Grand Rapids area leads in Michigan's population growth

Christine MacDonald
The Detroit News
Grand Rapids' population was 200,217 as of last summer, an increase of 1,135 residents.

Grand Rapids and its surrounding suburbs led much of the state's growth last year with the West Michigan city surpassing the 200,000 population mark for the first time in the yearly U.S. Census Bureau estimates.

The figures released Thursday show Grand Rapids' population was 200,217 as of last summer, an increase of 1,135 residents. And its surrounding communities saw significant gains, including Algoma, Byron, Allendale, Georgetown and Grand Rapids townships.

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"The city of Grand Rapids is very healthy in terms of its trajectory," said Aaron Renn, a senior fellow at the Manhattan Institute who has compared it with other mid-sized Midwestern cities. "It's really a region that is doing well."

The metro Grand Rapids area has nearly 1.07 million residents, gaining 37,967 in the past five years. 

Detroit's population, meanwhile, continued to drop, but the losses were small compared to past years. The city's population was 672,662 as of last summer, a loss of 1,526. The previous year's loss was 2,695.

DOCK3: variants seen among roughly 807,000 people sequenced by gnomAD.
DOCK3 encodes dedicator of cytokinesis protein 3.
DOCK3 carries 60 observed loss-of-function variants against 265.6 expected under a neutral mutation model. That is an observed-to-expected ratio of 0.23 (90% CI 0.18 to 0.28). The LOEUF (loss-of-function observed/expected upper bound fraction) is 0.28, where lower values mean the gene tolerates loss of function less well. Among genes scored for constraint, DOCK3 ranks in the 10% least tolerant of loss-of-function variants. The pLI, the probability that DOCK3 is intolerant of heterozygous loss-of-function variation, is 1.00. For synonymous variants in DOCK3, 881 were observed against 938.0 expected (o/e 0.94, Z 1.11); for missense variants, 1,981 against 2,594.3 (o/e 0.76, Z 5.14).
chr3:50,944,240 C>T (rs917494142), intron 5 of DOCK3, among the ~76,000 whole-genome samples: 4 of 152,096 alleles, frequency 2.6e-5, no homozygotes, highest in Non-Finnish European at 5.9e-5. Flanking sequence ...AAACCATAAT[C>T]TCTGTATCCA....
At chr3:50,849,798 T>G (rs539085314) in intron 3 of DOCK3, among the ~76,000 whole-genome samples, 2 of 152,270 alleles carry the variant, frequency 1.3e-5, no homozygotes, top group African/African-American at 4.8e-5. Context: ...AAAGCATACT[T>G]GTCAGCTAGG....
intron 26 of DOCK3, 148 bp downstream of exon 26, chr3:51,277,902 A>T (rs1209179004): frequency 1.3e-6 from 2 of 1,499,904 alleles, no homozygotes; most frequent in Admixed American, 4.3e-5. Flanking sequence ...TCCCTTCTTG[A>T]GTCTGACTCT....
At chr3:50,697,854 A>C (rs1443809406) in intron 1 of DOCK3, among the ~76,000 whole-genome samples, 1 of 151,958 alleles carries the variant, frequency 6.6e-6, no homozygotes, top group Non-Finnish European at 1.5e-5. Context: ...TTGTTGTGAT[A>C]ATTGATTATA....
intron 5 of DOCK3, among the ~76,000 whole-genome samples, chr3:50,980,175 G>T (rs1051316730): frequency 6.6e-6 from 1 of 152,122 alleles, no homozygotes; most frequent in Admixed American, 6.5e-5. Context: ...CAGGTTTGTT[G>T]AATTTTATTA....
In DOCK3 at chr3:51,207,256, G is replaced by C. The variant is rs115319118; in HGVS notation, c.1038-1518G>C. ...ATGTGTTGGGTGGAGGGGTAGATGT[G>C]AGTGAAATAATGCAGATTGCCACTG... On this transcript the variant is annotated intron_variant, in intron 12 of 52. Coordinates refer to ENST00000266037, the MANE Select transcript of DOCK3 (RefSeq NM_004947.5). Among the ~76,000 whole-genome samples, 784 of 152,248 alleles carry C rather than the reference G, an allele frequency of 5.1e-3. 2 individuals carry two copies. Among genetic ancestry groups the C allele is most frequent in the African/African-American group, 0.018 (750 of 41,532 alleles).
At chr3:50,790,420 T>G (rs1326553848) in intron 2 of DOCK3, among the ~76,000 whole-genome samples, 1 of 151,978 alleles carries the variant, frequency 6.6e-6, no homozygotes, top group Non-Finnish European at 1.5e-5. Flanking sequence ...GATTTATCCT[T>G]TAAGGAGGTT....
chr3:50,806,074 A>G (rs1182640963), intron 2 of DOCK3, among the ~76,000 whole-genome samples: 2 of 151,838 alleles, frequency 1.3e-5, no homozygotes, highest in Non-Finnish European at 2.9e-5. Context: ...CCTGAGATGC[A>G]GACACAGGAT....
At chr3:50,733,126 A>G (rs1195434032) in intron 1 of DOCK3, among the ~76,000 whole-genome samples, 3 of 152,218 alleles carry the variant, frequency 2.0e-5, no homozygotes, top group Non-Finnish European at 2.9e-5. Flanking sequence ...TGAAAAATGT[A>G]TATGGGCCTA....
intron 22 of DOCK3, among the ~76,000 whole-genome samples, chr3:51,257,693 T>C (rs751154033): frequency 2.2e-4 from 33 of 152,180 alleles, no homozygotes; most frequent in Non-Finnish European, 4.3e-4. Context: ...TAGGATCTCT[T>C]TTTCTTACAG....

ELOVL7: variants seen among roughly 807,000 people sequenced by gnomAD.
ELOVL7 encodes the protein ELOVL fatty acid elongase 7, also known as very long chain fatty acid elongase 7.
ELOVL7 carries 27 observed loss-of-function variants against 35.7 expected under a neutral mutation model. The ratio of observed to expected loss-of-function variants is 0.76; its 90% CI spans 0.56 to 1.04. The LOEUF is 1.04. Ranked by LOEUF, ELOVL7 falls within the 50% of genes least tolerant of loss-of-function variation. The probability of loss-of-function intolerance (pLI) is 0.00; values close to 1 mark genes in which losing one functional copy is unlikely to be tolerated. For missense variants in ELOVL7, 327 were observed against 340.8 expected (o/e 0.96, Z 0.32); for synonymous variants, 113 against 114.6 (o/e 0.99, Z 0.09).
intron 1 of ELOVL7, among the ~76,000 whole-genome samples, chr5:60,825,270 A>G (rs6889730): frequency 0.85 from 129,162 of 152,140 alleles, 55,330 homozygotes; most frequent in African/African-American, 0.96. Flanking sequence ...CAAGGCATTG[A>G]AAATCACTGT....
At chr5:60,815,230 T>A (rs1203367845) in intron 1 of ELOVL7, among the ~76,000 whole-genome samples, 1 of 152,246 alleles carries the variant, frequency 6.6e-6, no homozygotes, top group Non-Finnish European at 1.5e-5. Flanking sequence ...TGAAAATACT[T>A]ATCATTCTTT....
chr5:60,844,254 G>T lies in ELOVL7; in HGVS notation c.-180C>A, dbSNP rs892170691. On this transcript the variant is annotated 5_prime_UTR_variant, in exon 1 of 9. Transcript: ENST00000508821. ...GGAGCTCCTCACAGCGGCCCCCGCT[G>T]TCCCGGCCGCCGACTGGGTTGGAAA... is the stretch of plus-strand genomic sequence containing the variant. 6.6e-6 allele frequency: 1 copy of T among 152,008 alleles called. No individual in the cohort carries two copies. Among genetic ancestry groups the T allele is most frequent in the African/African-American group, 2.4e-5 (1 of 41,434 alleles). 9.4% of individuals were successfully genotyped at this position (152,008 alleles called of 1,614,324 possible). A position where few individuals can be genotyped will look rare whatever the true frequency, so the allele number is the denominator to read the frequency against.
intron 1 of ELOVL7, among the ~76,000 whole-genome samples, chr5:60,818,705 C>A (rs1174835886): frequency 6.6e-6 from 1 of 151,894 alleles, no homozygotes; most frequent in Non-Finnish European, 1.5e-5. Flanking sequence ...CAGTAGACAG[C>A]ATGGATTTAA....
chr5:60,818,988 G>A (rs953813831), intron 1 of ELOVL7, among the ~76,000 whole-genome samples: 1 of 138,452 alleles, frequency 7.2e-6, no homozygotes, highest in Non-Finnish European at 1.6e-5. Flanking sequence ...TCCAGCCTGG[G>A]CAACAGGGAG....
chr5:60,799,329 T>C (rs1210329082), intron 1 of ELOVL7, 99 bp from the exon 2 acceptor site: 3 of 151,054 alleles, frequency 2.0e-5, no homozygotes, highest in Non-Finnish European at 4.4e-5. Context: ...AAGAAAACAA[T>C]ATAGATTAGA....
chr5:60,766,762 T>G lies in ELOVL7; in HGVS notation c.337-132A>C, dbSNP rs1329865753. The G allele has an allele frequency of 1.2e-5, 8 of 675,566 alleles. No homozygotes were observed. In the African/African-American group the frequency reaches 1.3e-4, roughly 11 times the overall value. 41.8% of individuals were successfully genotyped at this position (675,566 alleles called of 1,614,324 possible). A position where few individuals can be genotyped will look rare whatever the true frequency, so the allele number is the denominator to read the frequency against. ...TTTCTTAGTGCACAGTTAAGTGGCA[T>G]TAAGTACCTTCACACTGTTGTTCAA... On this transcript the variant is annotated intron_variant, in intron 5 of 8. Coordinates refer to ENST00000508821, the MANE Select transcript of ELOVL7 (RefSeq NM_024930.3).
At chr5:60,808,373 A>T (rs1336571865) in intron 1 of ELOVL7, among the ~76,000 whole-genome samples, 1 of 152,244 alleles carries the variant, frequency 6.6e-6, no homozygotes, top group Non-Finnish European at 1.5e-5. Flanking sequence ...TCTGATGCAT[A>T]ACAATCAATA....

"The lessening of the decrease is important," said Eric Guthrie, the state's demographer. "When you are steering a big ship, it takes a little bit to turn it around."

And experts caution that the estimates are less reliable the farther away from the decennial census, which is when the bureau performs an actual headcount and will be performed in 2020.

For yearly estimates, census officials take into account new housing permits and demolitions, and those may not be the best measures in Detroit, said Kurt Metzger, a demographer and director emeritus of Data Driven Detroit and mayor of Pleasant Ridge.

Detroit remains the nation's 23rd largest city, and its loss was lower than others: Baltimore lost 7,346 residents, Chicago 7,073 and St. Louis 5,028 in the latest estimates.

The increase of residents in Grand Rapids Township isn't surprising to Michael DeVries, the supervisor of Grand Rapids Township, which saw its population grow by 238 residents to 18,602 last summer. 

The township saw its first apartment complex, at 280 units, open up last year in response to the demand for housing. 

"There's a shift going on," said DeVries, who is also the chair of the Grand Valley Metro Council, a partnership of local governments in West Michigan. "The city of Grand Rapids has seen a huge influx of apartment buildings." 

Algoma Township, a rural area about a half hour drive north of Grand Rapids, has 12,452 residents, a gain of 614 last year. New housing is going up in these outer ring suburbs in part because land is cheaper, DeVries said. 

Metro Detroit's biggest gainers were once again mostly suburban townships: Macomb Township at 90,758, Canton Township at 93,018 and Novi at 60,951.

Nationally, cities in the south and west saw the largest increases. Only one Midwest city was in the Top 15 of gainers. Columbus, Ohio, increased by 10,770 residents.